I think I’m going to do this post as a kind of photo essay:
First, I came out of the shower this morning to find this display in the middle of our sitting room. Again, totally taken by surprise (maybe partially because I almost forgot it was my actual birthday–it’s felt like my birthday all week). Diamondqueen knitted me three cupcakes (no, they’re not edible treats, but they look good, don’t they?). There was also a card from Diamondqueen and a handmade shrinky-dink necklace: a pendant showing Civil War soldiers facing off with flags in their hands that say “60” and two dangles of a cupcake and balloons. She also gave me cash and a trivia card game that asks questions centered on the number 60. (All this when the trip was supposed to be the gift.)
Mom had sent along a card showing me as a baby, with 60 dollars inside, one for each year (with a comment about a million dollars not being enough, which made me tear up). J.Hooligan made a red, white, and blue bracelet for me to wear around Gettysburg; that would have been plenty, but inside his card was fifteen dollars cash. That boy knows how to give presents.
Even S.Hooligan, who lately acts as if she’s never met me, sent along a hand-drawn portrait in which I look younger than 60 and almost female. (S. still insists I’m a boy.) Lots of merriment to get the day started.
Perkins was crowded, so I guided Diamondqueen to a diner-like restaurant just up the road. Had great French toast and scrambled eggs. Not sure who the dude is photobombing my picture–I was trying to show off my necklace and bracelet.
We drove a few miles up the pike to New Oxford and one of my favorite antique malls, Golden Lane. I had over two hours to explore at my leisure and pick out things to buy with my cash. Diamondqueen swept through the place in minutes and spent the rest of the time walking to get in all her steps for the day. When I returned to the van, she was sitting there watching videos and knitting.
Here’s what I bought at Golden Lane. I decided to start collecting small pottery and stoneware jugs, partly because they’re usually affordable but not always easy to find. I broadened my preferences to include crocks and pottery bottles when I happened on a booth filled with really old examples:
By the way, the little rabbit is a candle holder I bought at the Dobbin House gift shop after lunch yesterday. Not old but terribly charming. The bad light doesn’t do these pieces justice. I was really happy to find all of them.
Because we no longer have Friendly’s Ice Cream shops nearby, I try to hit them when I’m traveling. No, I shouldn’t have it, but it was my birthday and I insisted. Yes, it was delicious, and I’m glad I got the smaller version.
Although it was clouding up, we wanted to go back out onto the battlefield again. I wanted to return to the Triangular Field to see if we could attract the same EVP activity as last evening (described in this post–the photo above is actually from last night at dusk). We walked all the way to the bottom of the slope and got nothing but a few random words. However, I’d started playing the video on my camera from last night, and at one point my voice is saying to the spirits something like “Make that cannon noise again!” Immediately a stern voice from Shannon’s phone app responded “NO!” In other words, the two electronic devices seemed to be speaking to each other. That certainly gave us pause; the timing was perfect.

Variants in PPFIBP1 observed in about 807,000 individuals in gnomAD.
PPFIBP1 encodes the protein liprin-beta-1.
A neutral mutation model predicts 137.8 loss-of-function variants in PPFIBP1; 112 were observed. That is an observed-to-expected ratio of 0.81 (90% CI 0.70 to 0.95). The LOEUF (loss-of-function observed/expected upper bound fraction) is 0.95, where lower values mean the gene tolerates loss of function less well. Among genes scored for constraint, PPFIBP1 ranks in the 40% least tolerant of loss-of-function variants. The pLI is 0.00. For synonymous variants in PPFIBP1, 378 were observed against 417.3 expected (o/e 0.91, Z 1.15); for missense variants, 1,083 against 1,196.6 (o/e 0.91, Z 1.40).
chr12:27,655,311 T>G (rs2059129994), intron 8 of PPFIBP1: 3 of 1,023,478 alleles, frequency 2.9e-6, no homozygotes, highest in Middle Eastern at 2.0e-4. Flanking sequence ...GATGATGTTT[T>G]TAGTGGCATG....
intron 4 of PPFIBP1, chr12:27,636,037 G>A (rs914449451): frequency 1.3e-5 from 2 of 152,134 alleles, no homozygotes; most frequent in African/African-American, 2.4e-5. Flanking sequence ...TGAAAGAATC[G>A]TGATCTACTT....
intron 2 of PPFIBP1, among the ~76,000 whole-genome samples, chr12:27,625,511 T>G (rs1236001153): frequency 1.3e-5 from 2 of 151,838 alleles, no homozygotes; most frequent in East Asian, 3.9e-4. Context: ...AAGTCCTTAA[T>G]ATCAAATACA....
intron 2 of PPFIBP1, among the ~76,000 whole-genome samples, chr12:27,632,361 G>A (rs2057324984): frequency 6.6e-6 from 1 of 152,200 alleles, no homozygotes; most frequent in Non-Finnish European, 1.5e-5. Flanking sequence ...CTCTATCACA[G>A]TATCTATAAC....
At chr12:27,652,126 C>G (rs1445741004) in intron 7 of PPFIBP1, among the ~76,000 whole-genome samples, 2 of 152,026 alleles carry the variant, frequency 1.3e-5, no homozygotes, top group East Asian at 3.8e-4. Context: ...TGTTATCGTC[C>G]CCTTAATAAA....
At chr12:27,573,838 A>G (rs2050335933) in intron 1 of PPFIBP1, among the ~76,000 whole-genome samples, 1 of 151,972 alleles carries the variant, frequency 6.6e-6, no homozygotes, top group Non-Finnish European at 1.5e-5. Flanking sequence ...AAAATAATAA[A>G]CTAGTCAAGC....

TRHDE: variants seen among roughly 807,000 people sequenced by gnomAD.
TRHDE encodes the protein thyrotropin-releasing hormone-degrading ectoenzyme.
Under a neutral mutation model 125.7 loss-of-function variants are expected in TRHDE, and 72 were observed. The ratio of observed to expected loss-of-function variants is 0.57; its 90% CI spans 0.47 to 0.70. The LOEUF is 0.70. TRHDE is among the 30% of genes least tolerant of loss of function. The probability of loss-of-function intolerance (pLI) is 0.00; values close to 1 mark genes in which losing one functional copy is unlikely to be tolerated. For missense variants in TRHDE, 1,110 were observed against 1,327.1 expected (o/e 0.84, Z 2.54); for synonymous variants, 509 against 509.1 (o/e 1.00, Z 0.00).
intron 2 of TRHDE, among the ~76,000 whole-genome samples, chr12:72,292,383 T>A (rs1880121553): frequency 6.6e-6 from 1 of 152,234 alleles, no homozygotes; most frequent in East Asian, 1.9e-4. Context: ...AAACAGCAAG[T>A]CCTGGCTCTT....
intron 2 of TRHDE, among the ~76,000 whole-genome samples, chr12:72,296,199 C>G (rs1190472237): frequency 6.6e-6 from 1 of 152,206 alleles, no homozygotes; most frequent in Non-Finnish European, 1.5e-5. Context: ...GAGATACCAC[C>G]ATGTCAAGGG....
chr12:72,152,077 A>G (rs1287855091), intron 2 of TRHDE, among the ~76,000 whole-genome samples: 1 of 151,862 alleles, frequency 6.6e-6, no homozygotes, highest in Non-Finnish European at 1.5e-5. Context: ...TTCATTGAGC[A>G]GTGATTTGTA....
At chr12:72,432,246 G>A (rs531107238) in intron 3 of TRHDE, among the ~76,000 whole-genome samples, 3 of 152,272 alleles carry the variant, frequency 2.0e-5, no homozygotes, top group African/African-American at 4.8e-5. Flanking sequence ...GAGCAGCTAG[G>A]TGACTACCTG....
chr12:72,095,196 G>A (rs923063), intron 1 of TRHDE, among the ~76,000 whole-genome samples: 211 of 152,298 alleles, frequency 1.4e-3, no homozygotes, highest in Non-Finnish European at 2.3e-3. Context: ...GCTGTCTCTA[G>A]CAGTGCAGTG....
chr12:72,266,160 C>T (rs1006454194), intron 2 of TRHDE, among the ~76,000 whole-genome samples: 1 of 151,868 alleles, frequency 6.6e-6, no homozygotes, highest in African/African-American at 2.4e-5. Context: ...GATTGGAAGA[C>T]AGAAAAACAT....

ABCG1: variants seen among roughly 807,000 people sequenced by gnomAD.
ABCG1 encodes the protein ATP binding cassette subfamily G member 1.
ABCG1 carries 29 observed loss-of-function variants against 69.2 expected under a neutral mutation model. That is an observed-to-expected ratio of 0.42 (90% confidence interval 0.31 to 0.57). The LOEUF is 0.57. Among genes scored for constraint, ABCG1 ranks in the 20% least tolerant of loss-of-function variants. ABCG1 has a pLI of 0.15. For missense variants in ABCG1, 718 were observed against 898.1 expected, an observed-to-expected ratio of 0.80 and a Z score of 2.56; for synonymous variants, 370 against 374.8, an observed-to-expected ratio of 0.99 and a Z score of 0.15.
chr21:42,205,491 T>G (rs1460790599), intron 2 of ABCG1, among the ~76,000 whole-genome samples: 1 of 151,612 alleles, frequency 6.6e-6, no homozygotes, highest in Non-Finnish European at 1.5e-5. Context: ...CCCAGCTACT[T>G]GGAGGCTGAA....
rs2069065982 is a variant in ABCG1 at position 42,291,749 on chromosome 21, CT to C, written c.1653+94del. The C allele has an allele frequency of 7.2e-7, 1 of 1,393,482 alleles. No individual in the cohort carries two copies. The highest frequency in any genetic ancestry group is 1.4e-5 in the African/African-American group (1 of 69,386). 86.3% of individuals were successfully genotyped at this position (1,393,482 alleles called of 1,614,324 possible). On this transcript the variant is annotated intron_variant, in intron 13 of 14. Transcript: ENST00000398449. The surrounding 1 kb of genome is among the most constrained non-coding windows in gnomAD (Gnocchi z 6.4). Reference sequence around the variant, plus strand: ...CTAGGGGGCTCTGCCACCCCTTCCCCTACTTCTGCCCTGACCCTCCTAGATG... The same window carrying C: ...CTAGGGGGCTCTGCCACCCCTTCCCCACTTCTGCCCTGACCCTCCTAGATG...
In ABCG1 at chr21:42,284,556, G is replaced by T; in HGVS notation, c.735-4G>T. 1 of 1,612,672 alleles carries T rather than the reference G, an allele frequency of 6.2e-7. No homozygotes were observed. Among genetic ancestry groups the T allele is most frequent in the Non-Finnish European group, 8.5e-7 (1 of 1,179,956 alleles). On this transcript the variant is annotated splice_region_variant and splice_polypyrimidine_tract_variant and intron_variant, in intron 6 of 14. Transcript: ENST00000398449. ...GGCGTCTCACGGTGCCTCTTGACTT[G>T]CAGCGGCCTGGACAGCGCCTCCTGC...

We also stopped at the Wheatfield and a few other spots but got no activity but the random words. It kind of disproved one theory we’d been tossing around: That somehow the app was programmed with a GPS function that would throw out appropriate sound effects, such as cannon explosions on a battlefield. (As Diamondqueen pointed out, that would be rather sophisticated for a 99 cent app.)
I still hadn’t visited one of my favorite landmarks, the gatehouse to the Evergreen Cemetery, so we drove up there despite growing clouds and a chilly wind. We’d been strolling along, reading gravestones as we made our way from the cemetery to the old gatehouse entrance, when a fine rain began to fall. Soon it was coming down at a good pace, so we duckjed under the gatehouse to wait it out. We still got pretty damp, though. And I just washed my hair this morning:
By that time it had been a long day. We were tired and wet, so we returned to the inn and napped. Around six we took umbrellas and walked a few blocks to the center of town to look in any shops that were still open and see some of the houses along Baltimore Street close up. The rain had let up, so it was a nice walk.
I was getting really hungry, and I suggested we see if we could get back into the Springhouse Tavern at the Dobbin House for a great club sandwich like I’d had yesterday. This time, though, Diamondqueen and I planned to split that monster. We walked all the way back up to Steinwehr Avenue and found we had to wait only 20 minutes to get a table. The place was packed, but it was a fun atmosphere. This basement bar/eatery in an 18th-century building looks as if John Adams and his crowd could show up at any minute for a mug of ale.
I know, it appears as if I spent my entire birthday eating, but it was only three meals (if you count ice cream as a meal, which I did today).
After a nice walk back to the inn with a few stops at souvenir shops, we took a brief ride to the northern section of the battlefield near the Eternal Light Peace Memorial. Now I’m sitting with my computer in the little red-walled hospitality room of an 1829 house, looking up at a period brick fireplace. Diamondqueen is in our room, watching baseball. I’m tired and ready for a little needlework before bed. What a fantastic birthday!!!